Scholars and 'Snake-Handlers'
A professor of Hebrew Bible at the University of CaliforniaBerkeley quit the Society of Biblical Literature (SBL), voicing concern that North America's leading organization for biblical scholarship had welcomed "the views of creationists, snake-handlers, and faith healers."
In an op-ed in the July/August 2010 issue of Biblical Archaeology Review, Ronald S. Hendel complained that SBL had ended its annual joint conference with the American Academy of Religion (AAR) after 2007 and reached out to "evangelical and fundamentalist groups" to boost its numbers.
"The battle royal between faith and reason is now in the center ring at the SBL circus," Hendel wrote, accusing some attendees of proselytizing at the conference.
The piece caused a miniature tsunami on academic blogs, eliciting a mix of outrage and amusement from evangelical scholars. (SBL disputed Hendel's claims but hosted an online debate over its membership standards.) Coincidentally, not long after the article appeared, SBL and AAR announced plans to resume their joint conference in 2011.
Hendel now says he might revise a few sentences of his article, but stands by his main position. "The SBL has a commitment to the standards and practices of academic inquiry. The best of the evangelical scholars understand this," he said. "The problem is that these standards have become blurred, and practices befitting a non-academic context have come to be tolerated and even normal at SBL. This must change if SBL wants to continue to be recognized as a learned society. If it wants to be a National Council of Churches, then it should continue its present course."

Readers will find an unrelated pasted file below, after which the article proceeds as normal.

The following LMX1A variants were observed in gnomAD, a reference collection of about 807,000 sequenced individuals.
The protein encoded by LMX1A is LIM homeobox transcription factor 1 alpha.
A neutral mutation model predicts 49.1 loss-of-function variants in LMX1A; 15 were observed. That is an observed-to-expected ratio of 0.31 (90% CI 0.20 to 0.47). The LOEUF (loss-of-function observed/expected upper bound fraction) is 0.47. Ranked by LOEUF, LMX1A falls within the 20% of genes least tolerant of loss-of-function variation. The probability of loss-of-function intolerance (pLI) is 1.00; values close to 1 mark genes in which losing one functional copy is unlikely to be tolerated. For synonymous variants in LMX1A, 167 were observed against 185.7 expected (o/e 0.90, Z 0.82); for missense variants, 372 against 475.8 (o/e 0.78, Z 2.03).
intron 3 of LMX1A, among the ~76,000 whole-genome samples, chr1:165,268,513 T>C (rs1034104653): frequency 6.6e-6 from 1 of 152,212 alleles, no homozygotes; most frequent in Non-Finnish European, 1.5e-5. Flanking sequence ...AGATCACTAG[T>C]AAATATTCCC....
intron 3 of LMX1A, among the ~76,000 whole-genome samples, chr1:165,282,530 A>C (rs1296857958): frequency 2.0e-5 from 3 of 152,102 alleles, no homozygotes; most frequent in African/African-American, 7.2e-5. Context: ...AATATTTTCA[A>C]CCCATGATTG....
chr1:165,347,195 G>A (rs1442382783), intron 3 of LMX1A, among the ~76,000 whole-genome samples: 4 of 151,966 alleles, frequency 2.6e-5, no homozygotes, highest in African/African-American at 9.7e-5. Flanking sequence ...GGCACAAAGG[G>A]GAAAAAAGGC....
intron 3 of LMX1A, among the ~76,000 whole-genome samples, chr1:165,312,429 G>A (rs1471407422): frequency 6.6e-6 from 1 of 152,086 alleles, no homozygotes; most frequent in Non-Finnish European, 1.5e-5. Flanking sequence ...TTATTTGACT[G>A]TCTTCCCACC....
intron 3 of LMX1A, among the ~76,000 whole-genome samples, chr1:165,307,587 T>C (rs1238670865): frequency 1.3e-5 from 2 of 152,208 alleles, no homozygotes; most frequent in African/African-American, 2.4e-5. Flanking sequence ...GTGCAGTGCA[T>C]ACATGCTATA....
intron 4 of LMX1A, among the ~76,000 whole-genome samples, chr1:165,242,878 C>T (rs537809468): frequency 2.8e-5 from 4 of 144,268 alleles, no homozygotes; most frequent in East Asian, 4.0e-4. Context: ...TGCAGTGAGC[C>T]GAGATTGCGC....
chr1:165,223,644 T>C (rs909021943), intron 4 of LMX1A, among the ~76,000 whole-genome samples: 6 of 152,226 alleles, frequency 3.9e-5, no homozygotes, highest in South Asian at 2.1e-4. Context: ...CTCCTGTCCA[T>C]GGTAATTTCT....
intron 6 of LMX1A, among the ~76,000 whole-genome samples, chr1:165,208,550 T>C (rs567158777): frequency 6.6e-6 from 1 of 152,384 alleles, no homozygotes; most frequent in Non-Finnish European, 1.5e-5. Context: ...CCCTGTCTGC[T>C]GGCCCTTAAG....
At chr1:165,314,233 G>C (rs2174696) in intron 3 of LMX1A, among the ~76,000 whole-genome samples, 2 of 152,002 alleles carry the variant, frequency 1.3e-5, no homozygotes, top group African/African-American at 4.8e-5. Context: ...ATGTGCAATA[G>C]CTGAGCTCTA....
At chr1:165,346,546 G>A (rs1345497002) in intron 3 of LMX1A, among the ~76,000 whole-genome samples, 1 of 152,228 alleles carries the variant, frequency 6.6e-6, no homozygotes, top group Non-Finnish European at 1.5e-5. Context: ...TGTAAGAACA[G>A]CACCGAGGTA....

The question of evangelicals' role in organizations such as SBL and AAR is a perennial one.
After joining 10,000 attendees at SBL's 2009 conference in New Orleans, Daniel Wallace, professor of New Testament at Dallas Theological Seminary, cited the "darker underbelly to the conference" and a bias by "left-wing fundamentalist" scholars against evangelicals.
"The prejudice runs deep—almost as deep as the ignorance," Wallace said in a blog post.
In response, Scot McKnight, religious studies professor at North Park University in Chicago, did not dispute that a bias against evangelical scholars exists. But he said evangelicals must understand themselves not as dispassionate, modernist scholars, but as "passionate, believing scholars who think the NT is the Word of God and that God does miracles in this world."
"American evangelicals have an identity problem," McKnight wrote. "Too many think acceptance at the University proves they are legitimate scholars; too many strive to be approved by the American University so they can consider themselves real scholars."
Nonetheless, several evangelical scholars tout the importance of Christian involvement in organizations like SBL and AAR.
Those scholars were skeptical about the claim that Christian fundamentalists had invaded SBL to silence other perspectives and proselytize. More likely, several said, Hendel is simply frustrated that an increased number of religious scholars have joined SBL's ranks.
"Basically, Hendel is flabbergasted that a society dedicated to the study of religious texts is populated by people who are religious," said Michael Bird, lecturer in theological studies at Crossway College in Australia. "He's basically a secular fundamentalist who thinks that 'real' scholarship is what he does, and everyone else does pseudo-scholarship."
Certainly, SBL is not the place for overt evangelism, said Joel Willitts, chairman of North Park's Department of Biblical and Theological Studies. "It is, however, the place to argue for the truth through rigorous arguments and solid evidence," he said. "Christianity is a public faith, and its truth should stand up to public scrutiny. Evangelicals should point out weak arguments in others, but more so … we should point out the weakness in our own."